Majors fair helps freshmen narrow their focus

Alison Ritchie

It’s a decision that could affect the rest of your life and many students make before they’re 18 years old: choosing a college major.

Kent State held a majors fair for freshman and other undeclared students Wednesday in the Student Center. Before choosing a major, students often consider different factors, including their interests and abilities. With the current recession, the job market for a particular field has also weighed on the minds of deciding students.

“Most people only go to college once for an undergraduate degree, so there’s a sense that you’re making a decision for a lifetime,” said Emmanuel Dechenaux, associate professor of economics. “So, clearly, the current recession matters, but I think [students] really need to look ahead of that. Things are going to turn around.”

Melissa Fenn, an academic advisor for the College of Nursing, said while the job market should be a factor in a student’s decision, they should avoid just picking a career that’s popular at the time.

“We’ll see that in nursing. People will say, ‘Well I hear there’s lots of jobs in nursing, so I want to be a nurse,’” Fenn said. “That’s not the right reason to be a nurse.”

Many students tend to pursue majors that encompass their interests.

Freshman Kelly Loveless attended the majors fair as a requirement for her First Year Experience class, even though she has already chosen to study Early Childhood Education.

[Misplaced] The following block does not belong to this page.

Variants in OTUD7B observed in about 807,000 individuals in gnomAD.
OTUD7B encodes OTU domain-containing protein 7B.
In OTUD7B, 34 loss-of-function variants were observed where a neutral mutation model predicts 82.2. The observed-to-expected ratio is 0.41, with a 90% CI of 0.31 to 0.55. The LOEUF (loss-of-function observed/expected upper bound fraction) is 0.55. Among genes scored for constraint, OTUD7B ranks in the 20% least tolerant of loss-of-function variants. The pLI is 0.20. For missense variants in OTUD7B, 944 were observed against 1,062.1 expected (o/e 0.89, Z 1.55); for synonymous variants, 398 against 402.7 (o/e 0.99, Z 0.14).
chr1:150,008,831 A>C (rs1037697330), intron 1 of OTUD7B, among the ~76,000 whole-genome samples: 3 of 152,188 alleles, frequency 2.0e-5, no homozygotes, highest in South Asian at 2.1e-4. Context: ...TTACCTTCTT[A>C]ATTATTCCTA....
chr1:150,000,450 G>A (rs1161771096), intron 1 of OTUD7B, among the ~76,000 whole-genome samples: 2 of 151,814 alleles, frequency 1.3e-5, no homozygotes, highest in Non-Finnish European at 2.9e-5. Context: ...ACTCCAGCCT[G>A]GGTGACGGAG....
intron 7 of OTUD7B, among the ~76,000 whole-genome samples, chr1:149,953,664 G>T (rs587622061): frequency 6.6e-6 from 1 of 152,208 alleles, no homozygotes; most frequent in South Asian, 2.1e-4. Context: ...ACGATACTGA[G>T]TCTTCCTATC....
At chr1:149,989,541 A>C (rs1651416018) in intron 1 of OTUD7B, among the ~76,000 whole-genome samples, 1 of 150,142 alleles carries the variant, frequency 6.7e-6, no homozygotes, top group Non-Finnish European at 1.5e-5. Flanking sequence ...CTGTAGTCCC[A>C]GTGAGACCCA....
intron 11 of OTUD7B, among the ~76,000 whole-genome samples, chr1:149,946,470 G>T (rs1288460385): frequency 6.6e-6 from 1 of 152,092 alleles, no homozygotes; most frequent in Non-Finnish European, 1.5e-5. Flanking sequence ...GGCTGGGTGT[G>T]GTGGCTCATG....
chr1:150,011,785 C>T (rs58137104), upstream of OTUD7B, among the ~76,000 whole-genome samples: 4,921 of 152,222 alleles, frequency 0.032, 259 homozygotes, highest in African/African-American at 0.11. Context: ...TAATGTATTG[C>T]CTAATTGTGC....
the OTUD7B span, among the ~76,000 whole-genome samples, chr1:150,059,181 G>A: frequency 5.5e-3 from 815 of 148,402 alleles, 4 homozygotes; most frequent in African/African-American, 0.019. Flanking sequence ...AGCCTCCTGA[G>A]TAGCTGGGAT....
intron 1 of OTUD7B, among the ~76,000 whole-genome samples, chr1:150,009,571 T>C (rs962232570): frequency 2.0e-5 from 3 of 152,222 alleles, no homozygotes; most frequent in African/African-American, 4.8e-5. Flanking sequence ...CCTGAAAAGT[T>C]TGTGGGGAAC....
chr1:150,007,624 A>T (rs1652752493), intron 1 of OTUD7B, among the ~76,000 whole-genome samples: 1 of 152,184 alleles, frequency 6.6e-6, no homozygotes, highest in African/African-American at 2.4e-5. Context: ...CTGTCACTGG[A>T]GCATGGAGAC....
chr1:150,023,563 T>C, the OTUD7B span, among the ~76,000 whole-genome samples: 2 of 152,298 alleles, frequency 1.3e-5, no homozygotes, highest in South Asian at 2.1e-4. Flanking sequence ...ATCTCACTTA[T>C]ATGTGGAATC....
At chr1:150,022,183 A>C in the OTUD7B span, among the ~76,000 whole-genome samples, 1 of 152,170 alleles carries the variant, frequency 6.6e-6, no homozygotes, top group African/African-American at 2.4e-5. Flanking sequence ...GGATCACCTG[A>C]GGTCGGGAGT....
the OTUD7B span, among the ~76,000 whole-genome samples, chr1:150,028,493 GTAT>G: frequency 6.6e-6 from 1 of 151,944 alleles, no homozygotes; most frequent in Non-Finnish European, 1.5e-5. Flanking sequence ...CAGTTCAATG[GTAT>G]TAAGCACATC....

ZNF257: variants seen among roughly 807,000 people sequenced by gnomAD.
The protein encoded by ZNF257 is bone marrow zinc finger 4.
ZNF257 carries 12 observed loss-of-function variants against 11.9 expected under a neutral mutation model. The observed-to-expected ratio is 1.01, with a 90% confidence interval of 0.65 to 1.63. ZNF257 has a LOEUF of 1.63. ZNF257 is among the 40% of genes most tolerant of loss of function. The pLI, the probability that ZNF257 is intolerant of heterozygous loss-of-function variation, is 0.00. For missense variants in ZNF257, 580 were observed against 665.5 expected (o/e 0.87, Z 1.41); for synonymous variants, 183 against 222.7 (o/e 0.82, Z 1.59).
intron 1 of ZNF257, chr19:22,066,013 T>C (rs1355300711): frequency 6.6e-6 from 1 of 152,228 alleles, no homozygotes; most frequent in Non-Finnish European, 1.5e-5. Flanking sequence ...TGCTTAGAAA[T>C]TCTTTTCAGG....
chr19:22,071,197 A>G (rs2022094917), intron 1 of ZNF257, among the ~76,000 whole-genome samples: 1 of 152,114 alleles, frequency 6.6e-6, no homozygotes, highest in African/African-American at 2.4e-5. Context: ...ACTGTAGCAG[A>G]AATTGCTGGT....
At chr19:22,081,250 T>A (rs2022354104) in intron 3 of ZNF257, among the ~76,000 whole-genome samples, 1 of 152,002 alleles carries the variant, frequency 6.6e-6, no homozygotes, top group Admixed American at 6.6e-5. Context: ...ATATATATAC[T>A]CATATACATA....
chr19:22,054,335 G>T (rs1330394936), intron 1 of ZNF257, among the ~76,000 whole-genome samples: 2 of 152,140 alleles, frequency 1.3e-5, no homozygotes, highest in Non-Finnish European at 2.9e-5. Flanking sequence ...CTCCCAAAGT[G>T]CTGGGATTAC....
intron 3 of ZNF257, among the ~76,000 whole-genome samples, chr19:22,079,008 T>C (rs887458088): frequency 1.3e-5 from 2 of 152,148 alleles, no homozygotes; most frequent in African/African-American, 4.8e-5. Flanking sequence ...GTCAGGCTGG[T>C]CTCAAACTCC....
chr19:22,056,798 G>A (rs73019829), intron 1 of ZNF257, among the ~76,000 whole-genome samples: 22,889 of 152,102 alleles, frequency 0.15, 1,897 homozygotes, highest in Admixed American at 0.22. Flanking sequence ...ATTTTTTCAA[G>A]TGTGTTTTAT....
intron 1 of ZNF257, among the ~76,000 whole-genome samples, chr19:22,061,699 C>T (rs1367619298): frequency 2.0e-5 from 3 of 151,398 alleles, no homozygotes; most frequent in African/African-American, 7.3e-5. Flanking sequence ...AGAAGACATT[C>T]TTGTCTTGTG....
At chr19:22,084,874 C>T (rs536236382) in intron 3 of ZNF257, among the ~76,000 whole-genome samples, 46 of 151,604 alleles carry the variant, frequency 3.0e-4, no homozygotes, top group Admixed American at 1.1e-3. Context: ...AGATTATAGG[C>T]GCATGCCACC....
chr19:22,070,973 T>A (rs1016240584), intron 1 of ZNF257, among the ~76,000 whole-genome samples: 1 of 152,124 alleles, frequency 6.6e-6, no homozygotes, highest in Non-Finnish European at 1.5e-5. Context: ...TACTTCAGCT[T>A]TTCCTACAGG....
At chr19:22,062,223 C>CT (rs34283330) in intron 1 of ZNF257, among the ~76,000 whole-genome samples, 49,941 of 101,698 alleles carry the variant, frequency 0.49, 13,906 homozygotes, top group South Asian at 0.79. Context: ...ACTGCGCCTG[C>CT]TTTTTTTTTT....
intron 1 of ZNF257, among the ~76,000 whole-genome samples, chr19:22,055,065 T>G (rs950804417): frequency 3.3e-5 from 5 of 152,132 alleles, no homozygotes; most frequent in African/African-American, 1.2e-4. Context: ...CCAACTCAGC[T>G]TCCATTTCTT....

“I just really like teaching children, so I’ve always wanted to be a teacher,” she said. “I picked up stuff that interested me, and if I didn’t have a major, this would have been really helpful, seeing them all together.”

Fenn said the fair gave students the opportunity to gather an immense amount of information that they wouldn’t otherwise find in such a short period of time.

“It can be tough for students to find the time to make an appointment with an advisor in this college or that college,” she said. “Particularly for [undecided majors] to make a decision this is extremely beneficial.”

While a major or career might sound interesting, Fenn advises students not to stray too far from their academic abilities. She said, for example, students whose strengths don’t lie in math and science should avoid majors with those as the core focus of their academic classes.

“Those classes in your majors should be the ones that you find enjoyment out of,” she said.

Becca Hollis, academic recruitment and retention coordinator for the College of the Arts, said having a passion for your major is key to a student’s future.

“Every student is different, but in most cases, if you don’t love what you’re doing you’re not going to be successful,” said Hollis. “We find that many of our students are really following what their passion is.”

E-mail Alison Ritchie at [email protected].